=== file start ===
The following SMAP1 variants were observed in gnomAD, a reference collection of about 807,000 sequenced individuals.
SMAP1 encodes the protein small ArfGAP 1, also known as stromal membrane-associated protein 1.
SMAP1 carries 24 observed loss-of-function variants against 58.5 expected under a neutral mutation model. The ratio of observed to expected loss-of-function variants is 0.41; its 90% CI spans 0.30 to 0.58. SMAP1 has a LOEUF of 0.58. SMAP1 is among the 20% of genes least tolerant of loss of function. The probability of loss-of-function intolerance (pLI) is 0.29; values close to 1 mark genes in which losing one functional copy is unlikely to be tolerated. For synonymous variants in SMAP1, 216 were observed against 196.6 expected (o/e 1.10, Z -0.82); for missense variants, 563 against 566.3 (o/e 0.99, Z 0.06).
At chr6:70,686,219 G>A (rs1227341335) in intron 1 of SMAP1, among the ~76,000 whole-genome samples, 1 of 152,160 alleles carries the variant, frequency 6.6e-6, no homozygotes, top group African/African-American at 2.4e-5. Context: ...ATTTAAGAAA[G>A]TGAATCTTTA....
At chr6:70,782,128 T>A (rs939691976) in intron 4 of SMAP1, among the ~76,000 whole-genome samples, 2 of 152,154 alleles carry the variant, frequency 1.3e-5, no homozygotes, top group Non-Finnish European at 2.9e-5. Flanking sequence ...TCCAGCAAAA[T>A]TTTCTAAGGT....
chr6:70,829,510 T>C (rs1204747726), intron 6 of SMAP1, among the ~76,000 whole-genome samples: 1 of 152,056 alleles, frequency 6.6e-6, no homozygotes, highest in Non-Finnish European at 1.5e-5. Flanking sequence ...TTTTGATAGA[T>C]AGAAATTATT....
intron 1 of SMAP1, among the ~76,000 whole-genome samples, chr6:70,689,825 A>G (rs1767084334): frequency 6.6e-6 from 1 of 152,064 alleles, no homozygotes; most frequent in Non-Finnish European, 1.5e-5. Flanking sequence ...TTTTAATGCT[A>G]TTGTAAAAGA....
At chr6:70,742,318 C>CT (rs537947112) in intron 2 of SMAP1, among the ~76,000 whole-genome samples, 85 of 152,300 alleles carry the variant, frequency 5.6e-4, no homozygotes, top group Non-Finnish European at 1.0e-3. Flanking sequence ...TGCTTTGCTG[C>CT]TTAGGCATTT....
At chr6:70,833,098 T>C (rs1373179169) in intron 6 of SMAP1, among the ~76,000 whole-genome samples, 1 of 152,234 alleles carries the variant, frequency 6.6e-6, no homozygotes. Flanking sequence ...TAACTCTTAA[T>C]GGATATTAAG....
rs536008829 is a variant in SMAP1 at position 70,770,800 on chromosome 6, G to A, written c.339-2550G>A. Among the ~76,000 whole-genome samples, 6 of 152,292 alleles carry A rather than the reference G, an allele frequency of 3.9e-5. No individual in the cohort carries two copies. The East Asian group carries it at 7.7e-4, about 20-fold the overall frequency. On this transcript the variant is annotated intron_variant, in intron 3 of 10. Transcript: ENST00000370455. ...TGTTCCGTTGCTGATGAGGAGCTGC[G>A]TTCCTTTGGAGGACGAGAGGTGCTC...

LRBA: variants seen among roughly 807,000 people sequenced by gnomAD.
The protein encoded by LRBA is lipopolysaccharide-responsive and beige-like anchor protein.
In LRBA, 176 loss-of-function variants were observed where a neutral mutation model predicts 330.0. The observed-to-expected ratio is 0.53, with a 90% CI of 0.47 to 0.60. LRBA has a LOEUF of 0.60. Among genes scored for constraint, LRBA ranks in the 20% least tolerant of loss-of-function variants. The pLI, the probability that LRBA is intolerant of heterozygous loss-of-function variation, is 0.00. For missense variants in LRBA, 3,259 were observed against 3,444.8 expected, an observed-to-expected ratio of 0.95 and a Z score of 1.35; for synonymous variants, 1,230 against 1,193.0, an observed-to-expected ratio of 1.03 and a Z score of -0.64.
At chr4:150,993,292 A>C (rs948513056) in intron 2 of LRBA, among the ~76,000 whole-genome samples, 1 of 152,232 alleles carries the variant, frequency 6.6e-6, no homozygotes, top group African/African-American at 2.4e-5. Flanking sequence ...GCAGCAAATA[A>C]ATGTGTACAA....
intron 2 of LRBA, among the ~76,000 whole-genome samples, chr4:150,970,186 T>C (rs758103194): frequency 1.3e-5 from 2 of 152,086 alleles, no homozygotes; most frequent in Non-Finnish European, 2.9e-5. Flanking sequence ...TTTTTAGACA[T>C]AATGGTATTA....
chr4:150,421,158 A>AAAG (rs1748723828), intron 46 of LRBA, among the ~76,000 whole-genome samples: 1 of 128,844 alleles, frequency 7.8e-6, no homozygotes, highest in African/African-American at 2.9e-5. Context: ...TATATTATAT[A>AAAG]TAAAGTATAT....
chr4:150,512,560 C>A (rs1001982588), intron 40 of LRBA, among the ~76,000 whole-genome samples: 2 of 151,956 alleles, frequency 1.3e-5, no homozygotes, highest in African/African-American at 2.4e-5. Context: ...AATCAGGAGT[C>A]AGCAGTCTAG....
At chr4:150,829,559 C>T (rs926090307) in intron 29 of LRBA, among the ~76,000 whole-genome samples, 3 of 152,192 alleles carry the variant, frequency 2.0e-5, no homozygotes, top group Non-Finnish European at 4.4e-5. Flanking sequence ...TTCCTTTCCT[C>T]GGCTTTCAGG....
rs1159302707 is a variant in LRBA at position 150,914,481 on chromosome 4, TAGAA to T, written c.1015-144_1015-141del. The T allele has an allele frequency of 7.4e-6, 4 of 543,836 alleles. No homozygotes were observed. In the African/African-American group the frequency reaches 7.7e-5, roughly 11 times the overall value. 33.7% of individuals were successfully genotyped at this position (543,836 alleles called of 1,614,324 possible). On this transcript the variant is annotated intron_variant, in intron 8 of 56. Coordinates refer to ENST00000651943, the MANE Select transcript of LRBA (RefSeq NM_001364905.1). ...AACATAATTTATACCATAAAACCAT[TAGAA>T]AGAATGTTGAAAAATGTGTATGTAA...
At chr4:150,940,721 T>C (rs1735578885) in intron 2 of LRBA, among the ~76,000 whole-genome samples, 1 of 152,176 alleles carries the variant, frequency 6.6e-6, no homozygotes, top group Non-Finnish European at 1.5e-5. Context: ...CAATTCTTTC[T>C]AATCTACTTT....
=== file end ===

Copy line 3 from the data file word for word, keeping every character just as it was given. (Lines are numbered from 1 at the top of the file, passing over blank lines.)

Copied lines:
SMAP1 carries 24 observed loss-of-function variants against 58.5 expected under a neutral mutation model. The ratio of observed to expected loss-of-function variants is 0.41; its 90% CI spans 0.30 to 0.58. SMAP1 has a LOEUF of 0.58. SMAP1 is among the 20% of genes least tolerant of loss of function. The probability of loss-of-function intolerance (pLI) is 0.29; values close to 1 mark genes in which losing one functional copy is unlikely to be tolerated. For synonymous variants in SMAP1, 216 were observed against 196.6 expected (o/e 1.10, Z -0.82); for missense variants, 563 against 566.3 (o/e 0.99, Z 0.06).